He was beaten, given a crown of thorns and paid mock homage as king of the Jews. And they led him away and crucified him (Mt. 27:27-31; Mark 15:16-20; Luke 23:11-12; John 19:1-3). Jesus said, “Father, forgive them; for they don’t know what they’re doing” (Luke 23:34). Two insurrectionists were crucified with him, one to his right and one to his left, who joined in the crowd’s mocking (Mt. 27:38, 44; Mark 15:27, 32; cf. Luke 23:32, 39-43). Darkness came over the whole land (Mt. 27:45; Mark 15:33; Luke 23:44). The temple’s curtain was rent in two (Mt. 27:51; Mark 15:38; Luke 23:45). On witness heard Jesus cry out, “My God, My God, why have your forsaken me?!” (Mt. 27:46; Mark 15:34) and another, “Into your hands I commend my spirit” (Luke 23:46). And he breathed his last.

Jesus’ body was laid in a tomb. The Roman Governor Pilate ordered the tomb sealed and posted a guard (Mt. 27:65-66), and darkness engulfed the earth. The last ray of hope in the light bravely flickering in the world’s darkness, it seemed, had finally been snuffed out.

But, on the first day of the week, at early dawn, women came to the tomb to find the stone rolled away and the tomb empty (Mt. 28:1-5; Mark 16:1-6; Luke 24:1-5; John 20:1-2). An angel of the Lord said to them, “He is not here; for he has been raised, as he said” (Mt. 28:5; Mark 16:6; cf. Luke 24:5; John 20:11-13). God had ordered the tomb unsealed, and yonder broke the new and glorious morn, as the light shines in the darkness, and the darkness did not overcome it.

And Jesus left his followers a commission. The disciples were afraid and huddled behind locked doors, but the risen Christ came and stood among them and said, “Peace be with you. As the Father has sent me, so I send you” (John 20:20). When he had said this, he breathed on them and said to them, “Receive the Holy Spirit” (John 20:22). Later they gathered on a mountain, and Jesus said to them, “As you go, make disciples of all nations, baptizing them in the name of the Father and of the Son and of the Holy Spirit, and teaching them to obey everything that I have commanded you. And remember, I am with you always, to the end of the age” (Mt. 28:16-20).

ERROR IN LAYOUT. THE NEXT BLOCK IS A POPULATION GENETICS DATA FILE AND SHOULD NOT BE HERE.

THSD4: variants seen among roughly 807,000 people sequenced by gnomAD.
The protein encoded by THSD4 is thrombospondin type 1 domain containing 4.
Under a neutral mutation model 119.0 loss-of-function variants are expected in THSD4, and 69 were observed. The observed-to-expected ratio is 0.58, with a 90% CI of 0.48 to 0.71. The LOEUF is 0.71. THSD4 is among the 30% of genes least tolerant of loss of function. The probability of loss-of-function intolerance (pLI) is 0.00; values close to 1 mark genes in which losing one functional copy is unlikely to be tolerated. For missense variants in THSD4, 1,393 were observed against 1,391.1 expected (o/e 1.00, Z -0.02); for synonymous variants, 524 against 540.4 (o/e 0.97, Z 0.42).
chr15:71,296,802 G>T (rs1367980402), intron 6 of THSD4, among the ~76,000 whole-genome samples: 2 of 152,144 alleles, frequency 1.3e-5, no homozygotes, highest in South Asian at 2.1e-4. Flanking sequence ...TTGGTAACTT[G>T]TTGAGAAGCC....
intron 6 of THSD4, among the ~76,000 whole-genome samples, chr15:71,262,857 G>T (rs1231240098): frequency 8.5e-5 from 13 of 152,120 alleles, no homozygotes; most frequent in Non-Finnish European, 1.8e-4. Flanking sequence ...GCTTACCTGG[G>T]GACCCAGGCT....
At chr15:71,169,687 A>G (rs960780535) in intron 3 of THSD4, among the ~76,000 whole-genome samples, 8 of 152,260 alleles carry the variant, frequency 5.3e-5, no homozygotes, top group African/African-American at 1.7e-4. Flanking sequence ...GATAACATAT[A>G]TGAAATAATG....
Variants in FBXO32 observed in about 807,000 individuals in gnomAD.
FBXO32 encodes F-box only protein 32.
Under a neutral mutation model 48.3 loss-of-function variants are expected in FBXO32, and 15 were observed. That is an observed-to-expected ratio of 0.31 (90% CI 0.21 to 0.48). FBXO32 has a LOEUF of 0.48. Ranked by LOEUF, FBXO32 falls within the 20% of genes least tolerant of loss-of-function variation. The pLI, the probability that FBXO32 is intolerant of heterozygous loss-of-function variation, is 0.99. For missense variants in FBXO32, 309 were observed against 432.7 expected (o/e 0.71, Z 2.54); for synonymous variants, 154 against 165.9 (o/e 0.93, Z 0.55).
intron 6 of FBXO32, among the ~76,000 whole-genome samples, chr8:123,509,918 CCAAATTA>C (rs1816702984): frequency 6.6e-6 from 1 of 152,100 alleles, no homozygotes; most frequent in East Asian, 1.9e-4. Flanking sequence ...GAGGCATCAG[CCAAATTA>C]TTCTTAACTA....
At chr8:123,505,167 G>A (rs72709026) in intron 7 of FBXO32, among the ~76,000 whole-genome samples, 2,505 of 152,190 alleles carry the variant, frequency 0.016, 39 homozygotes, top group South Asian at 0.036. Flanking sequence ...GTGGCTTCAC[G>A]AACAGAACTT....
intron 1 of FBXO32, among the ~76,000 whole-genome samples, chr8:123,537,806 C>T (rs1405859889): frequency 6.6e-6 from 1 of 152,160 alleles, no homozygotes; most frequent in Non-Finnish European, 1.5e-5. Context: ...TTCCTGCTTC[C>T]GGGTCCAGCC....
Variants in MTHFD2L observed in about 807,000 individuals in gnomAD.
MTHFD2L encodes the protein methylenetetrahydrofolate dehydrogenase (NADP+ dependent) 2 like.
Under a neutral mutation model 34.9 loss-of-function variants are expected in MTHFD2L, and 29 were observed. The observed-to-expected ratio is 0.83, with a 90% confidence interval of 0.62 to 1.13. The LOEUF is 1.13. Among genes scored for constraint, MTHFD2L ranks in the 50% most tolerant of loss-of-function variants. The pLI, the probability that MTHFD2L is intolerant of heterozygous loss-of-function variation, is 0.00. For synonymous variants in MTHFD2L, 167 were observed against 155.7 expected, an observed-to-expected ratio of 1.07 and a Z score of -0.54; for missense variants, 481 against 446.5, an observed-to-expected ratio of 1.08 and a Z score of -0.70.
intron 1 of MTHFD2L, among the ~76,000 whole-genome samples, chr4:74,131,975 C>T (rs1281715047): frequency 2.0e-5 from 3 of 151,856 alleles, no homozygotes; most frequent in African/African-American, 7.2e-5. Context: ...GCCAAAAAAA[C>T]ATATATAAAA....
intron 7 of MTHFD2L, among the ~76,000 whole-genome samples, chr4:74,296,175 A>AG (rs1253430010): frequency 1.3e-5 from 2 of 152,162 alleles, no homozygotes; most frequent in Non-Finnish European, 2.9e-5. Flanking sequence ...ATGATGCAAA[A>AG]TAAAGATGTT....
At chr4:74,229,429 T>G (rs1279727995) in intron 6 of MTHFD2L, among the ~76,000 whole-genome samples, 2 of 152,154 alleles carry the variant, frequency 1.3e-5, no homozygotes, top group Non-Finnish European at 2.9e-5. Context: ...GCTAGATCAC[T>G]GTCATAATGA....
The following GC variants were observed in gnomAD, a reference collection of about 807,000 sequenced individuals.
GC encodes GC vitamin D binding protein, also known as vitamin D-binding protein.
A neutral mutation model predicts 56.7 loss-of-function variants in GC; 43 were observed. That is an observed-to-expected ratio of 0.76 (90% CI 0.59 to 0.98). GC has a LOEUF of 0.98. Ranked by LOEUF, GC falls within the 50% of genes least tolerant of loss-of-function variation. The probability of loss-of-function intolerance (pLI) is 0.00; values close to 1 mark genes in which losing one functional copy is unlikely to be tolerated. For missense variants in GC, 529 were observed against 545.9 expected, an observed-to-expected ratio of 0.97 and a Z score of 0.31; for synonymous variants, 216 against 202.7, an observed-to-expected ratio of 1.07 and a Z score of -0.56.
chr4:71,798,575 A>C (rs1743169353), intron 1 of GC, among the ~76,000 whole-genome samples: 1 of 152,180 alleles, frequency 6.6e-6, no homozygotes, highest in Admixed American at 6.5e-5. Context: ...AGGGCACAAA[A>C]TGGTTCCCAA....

And so it was that the infant king born in a lowly cave with livestock as his attendants, who was loved by many and despised by the powerful, who suffered a shameful and gruesome death, entered into his glory. Not by the might of scepter or sword, but by the mysterious power of serving and sewing seed; not by cunning self-preservation, violent retaliation, or resignation to the powers that be, but by steadfast love and obedience, even to death. The early church had a hymn like this:

Let the same mind be in you that was in Christ Jesus,
who, though he was in the form of God,
did not regard equality with God
as something to be exploited,
but emptied himself,
taking the form of a slave,
being born in human likeness.
And being found in human form,
he humbled himself
and became obedient to the point of death—
even death on a cross.

Therefore God also highly exalted him
and gave him the name
that is above every name,
so that at the name of Jesus
every knee should bend,
in heaven and on earth and under the earth,
and every tongue should confess
that Jesus Christ is Lord,
to the glory of God the Father. (Philippians 2:5-11, NRSV)

May that Christ story come to birth in our lives this Christmas day as we celebrate the Word who became flesh and dwelt among us, full of grace and truth. Amen.